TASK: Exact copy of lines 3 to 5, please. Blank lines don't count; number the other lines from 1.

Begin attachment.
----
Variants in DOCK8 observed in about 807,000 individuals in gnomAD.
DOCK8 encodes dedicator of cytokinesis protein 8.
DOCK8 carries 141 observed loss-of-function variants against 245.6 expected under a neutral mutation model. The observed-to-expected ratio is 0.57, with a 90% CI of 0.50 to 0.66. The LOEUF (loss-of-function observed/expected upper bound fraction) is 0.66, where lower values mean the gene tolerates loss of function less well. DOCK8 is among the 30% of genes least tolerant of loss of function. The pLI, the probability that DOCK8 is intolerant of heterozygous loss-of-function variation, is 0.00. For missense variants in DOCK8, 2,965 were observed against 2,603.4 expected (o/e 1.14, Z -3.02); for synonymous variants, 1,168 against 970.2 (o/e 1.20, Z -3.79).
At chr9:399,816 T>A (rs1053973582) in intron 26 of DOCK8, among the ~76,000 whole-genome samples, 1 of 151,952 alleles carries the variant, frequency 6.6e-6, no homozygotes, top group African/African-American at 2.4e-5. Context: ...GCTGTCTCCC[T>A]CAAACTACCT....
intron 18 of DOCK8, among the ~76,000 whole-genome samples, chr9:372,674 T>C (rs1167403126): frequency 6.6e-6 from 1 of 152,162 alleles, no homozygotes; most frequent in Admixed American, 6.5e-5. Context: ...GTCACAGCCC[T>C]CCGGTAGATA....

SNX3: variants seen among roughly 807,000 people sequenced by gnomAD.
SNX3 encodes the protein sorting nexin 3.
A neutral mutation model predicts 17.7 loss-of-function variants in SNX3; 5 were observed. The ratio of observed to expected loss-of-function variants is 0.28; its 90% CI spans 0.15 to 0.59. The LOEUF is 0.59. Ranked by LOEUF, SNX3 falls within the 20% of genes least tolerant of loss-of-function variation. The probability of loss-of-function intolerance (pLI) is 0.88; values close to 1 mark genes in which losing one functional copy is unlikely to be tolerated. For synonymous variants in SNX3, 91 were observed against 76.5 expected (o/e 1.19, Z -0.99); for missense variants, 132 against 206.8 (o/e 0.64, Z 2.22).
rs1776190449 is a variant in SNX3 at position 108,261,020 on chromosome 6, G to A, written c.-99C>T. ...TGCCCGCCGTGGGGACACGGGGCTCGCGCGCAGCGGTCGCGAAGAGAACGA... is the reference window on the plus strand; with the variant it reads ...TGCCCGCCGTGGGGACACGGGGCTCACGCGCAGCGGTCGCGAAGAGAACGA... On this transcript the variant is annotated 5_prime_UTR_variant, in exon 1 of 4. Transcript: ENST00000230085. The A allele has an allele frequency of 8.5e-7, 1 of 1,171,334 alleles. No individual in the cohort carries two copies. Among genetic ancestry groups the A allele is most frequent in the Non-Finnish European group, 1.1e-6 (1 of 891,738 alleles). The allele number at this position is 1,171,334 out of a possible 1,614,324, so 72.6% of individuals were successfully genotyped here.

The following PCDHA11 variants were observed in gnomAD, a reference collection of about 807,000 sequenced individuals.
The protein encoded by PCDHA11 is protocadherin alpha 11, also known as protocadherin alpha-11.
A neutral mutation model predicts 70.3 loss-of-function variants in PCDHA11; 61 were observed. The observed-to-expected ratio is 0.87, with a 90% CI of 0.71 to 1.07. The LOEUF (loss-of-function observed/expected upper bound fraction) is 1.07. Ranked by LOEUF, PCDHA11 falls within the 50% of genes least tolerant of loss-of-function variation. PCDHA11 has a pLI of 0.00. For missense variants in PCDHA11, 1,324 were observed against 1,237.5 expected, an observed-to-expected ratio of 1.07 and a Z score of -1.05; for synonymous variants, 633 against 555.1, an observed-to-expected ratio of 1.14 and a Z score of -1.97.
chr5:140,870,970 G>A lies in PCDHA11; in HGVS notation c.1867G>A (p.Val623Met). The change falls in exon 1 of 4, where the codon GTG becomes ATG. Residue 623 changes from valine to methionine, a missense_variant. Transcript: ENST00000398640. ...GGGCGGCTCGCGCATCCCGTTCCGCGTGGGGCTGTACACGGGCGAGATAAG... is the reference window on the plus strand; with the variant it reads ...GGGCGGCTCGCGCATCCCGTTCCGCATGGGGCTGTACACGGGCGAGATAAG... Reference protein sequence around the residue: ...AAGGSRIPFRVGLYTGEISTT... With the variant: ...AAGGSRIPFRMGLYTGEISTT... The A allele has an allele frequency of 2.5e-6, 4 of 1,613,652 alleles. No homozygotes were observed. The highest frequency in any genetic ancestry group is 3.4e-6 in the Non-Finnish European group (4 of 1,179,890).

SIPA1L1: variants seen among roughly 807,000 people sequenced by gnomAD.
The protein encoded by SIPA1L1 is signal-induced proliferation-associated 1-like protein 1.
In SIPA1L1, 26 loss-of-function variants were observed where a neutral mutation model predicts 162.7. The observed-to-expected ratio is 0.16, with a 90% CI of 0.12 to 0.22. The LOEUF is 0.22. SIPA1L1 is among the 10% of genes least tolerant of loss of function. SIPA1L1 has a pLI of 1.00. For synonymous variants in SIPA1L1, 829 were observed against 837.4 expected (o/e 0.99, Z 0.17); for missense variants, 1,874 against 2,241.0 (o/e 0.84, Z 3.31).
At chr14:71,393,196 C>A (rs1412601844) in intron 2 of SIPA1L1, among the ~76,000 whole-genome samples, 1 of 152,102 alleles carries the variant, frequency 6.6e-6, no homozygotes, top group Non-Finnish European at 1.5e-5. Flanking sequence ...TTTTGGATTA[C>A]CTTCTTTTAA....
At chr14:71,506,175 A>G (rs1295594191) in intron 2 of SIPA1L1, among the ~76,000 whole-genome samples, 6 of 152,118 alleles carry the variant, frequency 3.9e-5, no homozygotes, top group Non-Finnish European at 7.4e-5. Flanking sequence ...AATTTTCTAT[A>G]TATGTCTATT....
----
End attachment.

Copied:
DOCK8 carries 141 observed loss-of-function variants against 245.6 expected under a neutral mutation model. The observed-to-expected ratio is 0.57, with a 90% CI of 0.50 to 0.66. The LOEUF (loss-of-function observed/expected upper bound fraction) is 0.66, where lower values mean the gene tolerates loss of function less well. DOCK8 is among the 30% of genes least tolerant of loss of function. The pLI, the probability that DOCK8 is intolerant of heterozygous loss-of-function variation, is 0.00. For missense variants in DOCK8, 2,965 were observed against 2,603.4 expected (o/e 1.14, Z -3.02); for synonymous variants, 1,168 against 970.2 (o/e 1.20, Z -3.79).
At chr9:399,816 T>A (rs1053973582) in intron 26 of DOCK8, among the ~76,000 whole-genome samples, 1 of 151,952 alleles carries the variant, frequency 6.6e-6, no homozygotes, top group African/African-American at 2.4e-5. Context: ...GCTGTCTCCC[T>A]CAAACTACCT....
intron 18 of DOCK8, among the ~76,000 whole-genome samples, chr9:372,674 T>C (rs1167403126): frequency 6.6e-6 from 1 of 152,162 alleles, no homozygotes; most frequent in Admixed American, 6.5e-5. Context: ...GTCACAGCCC[T>C]CCGGTAGATA....